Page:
"I am using various aspects of my Master of Public Health subjects in my role as an Infection Prevention and Control coordinator, and I hope to continue to use these skills in the future."
As a Principal Medical Officer and Infection Prevention and Control Committee Coordinator in the Botswana Defense Force, Dr Nonofo Mbaakanyi is applying the practical knowledge from the Master of Public Health in her daily work.
Why did you decide to study the Master of Public Health?
I felt that my undergraduate degree only equipped me with knowledge and skills to manage the clinical aspect of health. I undertook the Master of Public Health to understand health on a larger scale, looking at population health and patterns influencing individual health to understand, develop, implement and evaluate policies and programs to improve health outcomes in my country and beyond.
The University of Melbourne was a no brainer in that, it is the number 1 university in Australia and the School of Population and Global Health is also number 1 in the country, and in the top 15 worldwide.
What did you like most about the course?
I enjoyed the course as a whole, as it shone a light on aspects that were superficially touched on in medical school, such as epidemiology and public health management.
I was pleasantly surprised that I enjoyed the Biostatistics subject, as I’d told myself I was done with maths after high school.
I developed so many useful skills such as program development and management, compiling literature reviews, as well as skills in research, which I’d never been exposed to, prior to the Master of Public Health.
The program management and epidemiology skills are especially useful in my current position, as I have been tasked in reviving the Infection Control program at our hospital.
What kind of work-integrated learning or practical experience did you participate in your degree, and how did that impact your development?
I really enjoyed all the subjects related to program design and evaluation, as our final assignments required designing or evaluating real-life projects, which translated to relevant and practical skills in those subjects.
I conducted a research project as one of my final subjects. It was something I’d never done before, one of the hardest things I’ve ever done, but it taught me the practical skills of research, and I also learnt a great deal about my character.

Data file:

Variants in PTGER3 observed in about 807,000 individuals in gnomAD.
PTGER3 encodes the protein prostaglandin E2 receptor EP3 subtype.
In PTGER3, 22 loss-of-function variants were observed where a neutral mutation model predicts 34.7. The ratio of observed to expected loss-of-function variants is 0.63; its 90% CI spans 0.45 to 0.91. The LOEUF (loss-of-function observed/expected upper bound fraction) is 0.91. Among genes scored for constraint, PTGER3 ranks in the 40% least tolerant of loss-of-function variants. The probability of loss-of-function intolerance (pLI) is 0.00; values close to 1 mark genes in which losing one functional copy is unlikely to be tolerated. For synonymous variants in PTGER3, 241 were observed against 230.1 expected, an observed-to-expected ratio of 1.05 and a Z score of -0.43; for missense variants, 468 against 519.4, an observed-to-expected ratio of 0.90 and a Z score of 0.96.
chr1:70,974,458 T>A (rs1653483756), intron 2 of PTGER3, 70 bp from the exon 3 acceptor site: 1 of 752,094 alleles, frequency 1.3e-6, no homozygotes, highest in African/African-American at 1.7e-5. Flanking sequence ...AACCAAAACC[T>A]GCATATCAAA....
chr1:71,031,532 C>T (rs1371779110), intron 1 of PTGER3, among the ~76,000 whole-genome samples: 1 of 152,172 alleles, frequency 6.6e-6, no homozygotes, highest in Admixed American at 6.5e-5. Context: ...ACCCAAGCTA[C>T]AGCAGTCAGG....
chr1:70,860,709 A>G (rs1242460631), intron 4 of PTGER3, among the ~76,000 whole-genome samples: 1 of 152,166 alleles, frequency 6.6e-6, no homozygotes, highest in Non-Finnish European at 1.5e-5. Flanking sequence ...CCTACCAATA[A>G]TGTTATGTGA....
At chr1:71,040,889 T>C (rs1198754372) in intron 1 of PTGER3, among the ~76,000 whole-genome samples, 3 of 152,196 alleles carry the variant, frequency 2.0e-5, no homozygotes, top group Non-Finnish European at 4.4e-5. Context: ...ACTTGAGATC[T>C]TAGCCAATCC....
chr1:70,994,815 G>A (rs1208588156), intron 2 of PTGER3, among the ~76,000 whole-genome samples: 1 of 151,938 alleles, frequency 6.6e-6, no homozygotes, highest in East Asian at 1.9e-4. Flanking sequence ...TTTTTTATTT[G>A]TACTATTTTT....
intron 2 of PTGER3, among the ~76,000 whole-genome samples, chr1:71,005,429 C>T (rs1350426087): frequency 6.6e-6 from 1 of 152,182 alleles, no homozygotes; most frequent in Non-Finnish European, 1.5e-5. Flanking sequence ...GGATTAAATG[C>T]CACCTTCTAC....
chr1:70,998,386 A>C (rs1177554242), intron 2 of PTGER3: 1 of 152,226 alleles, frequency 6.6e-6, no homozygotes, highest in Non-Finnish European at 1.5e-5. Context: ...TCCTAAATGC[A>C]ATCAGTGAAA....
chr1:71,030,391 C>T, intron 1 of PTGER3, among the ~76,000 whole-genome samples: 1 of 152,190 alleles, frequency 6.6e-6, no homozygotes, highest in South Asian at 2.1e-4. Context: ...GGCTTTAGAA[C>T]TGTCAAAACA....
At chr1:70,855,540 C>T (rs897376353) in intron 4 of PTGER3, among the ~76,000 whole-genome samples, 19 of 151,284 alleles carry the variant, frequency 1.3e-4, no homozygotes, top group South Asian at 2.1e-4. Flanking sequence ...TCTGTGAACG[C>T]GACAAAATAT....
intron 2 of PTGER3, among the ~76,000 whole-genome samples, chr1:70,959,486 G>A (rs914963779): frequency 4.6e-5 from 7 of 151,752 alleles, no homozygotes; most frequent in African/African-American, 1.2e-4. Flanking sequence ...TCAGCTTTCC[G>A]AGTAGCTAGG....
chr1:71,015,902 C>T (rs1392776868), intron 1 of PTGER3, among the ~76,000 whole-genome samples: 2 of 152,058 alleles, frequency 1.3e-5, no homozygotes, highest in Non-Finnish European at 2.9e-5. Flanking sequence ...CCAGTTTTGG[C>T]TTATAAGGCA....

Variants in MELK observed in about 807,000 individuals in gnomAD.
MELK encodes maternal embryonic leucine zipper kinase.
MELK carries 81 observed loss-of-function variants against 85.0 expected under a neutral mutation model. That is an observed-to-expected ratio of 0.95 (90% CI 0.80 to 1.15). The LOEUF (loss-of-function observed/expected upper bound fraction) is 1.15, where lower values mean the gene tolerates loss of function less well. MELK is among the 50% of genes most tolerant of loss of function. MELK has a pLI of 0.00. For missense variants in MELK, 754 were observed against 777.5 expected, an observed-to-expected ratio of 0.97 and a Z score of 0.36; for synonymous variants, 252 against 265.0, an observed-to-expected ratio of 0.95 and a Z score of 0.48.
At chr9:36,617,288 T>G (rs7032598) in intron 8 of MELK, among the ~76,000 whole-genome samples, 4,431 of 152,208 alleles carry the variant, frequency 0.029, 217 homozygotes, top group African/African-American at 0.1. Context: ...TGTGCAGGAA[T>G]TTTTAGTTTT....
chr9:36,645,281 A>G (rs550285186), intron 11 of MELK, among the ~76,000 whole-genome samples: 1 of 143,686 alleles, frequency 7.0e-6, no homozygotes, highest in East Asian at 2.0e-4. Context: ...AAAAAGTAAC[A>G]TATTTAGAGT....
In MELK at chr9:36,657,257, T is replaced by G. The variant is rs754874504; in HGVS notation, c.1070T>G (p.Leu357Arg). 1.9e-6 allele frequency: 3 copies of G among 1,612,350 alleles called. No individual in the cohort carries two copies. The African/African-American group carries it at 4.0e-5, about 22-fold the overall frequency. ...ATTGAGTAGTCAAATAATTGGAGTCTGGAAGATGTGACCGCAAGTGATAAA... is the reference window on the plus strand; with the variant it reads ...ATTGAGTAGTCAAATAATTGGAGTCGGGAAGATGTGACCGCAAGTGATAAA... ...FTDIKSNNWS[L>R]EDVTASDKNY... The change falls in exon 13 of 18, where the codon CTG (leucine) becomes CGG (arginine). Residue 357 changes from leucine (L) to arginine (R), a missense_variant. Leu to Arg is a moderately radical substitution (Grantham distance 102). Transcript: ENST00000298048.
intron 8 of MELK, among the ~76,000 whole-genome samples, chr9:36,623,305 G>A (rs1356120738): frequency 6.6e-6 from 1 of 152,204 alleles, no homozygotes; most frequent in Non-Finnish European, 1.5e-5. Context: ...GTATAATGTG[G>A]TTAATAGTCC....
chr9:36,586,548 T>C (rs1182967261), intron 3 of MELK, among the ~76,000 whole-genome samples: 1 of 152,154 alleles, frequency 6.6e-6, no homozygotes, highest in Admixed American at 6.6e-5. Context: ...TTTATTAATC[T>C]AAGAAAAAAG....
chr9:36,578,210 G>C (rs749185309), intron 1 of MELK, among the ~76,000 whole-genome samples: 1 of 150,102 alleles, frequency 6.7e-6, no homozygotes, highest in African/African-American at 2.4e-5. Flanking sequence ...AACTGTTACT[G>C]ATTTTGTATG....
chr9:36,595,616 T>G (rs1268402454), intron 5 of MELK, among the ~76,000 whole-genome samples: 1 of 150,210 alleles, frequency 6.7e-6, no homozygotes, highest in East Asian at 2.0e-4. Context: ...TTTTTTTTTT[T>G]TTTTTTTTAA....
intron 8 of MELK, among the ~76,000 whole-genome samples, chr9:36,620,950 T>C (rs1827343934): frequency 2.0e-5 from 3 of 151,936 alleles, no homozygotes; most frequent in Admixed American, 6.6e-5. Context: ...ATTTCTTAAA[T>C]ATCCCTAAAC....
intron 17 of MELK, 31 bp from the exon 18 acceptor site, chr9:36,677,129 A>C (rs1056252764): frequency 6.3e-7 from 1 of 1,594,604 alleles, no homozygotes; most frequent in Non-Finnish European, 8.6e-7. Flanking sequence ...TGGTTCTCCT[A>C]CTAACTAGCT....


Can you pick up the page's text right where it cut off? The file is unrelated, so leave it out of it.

I also participated in the MDHS mentoring program. I had a lovely mentor named Brigid. She is a Program Manager for Mental Health at St Vincent’s, which is a profession I would still like to pursue in the future, so the mentorship program really opened my eyes to careers such as hers in the public health space.
Where are you currently working and how did the Master of Public Health impact your career?
I am currently a Principal Medical Officer at the Botswana Defence Force. My role involves daily consultation of patients, mainly soldiers and their dependents (Family Medicine, HIV and TB Medicine) and the management of junior Medical Officers. I am also the Infection Prevention and Control (IPC) Committee Coordinator.
I am grateful to play a part in ensuring the nation’s safety by taking care of the men and women who protect it.
I am using up various aspects of my Master of Public Health subjects (epidemiology, program management, evaluation) in my role as IPC coordinator, and I hope to continue to use these skills in the future.
What advice do you have for future or current Master of Public Health students?
Public health is one of the most important areas of study one could ever pursue. It will never be redundant. I would tell them to come with an open mind and heart. They may be in Australia, however as we’ve seen with climate change and COVID-19, health is influenced by global occurrences, and it is forever changing, sometimes over years, and other times over the course of a few months.
What have been the best things about studying your course at the University of Melbourne?
When I came to Melbourne, I promised myself I would immerse fully in the culture and experiences, which is exactly what I did. I loved participating and playing a leadership role in student clubs such as the Australia Awards scholars club and the Master of Public Health Students Association. I was thankful to participate in the Graduate Student Association LEAD program, which helped me to look within, to hone and develop my own unique leadership style despite my introversion.
I absolutely loved learning how to dance salsa and Bachata with the Melbourne Uni Dance Sport Club (definitely out of my comfort zone), and learning how to read music with the Melbourne Uni Choral Society.
The lecturers were so warm, welcoming and approachable, which was such a contrast to universities back at home.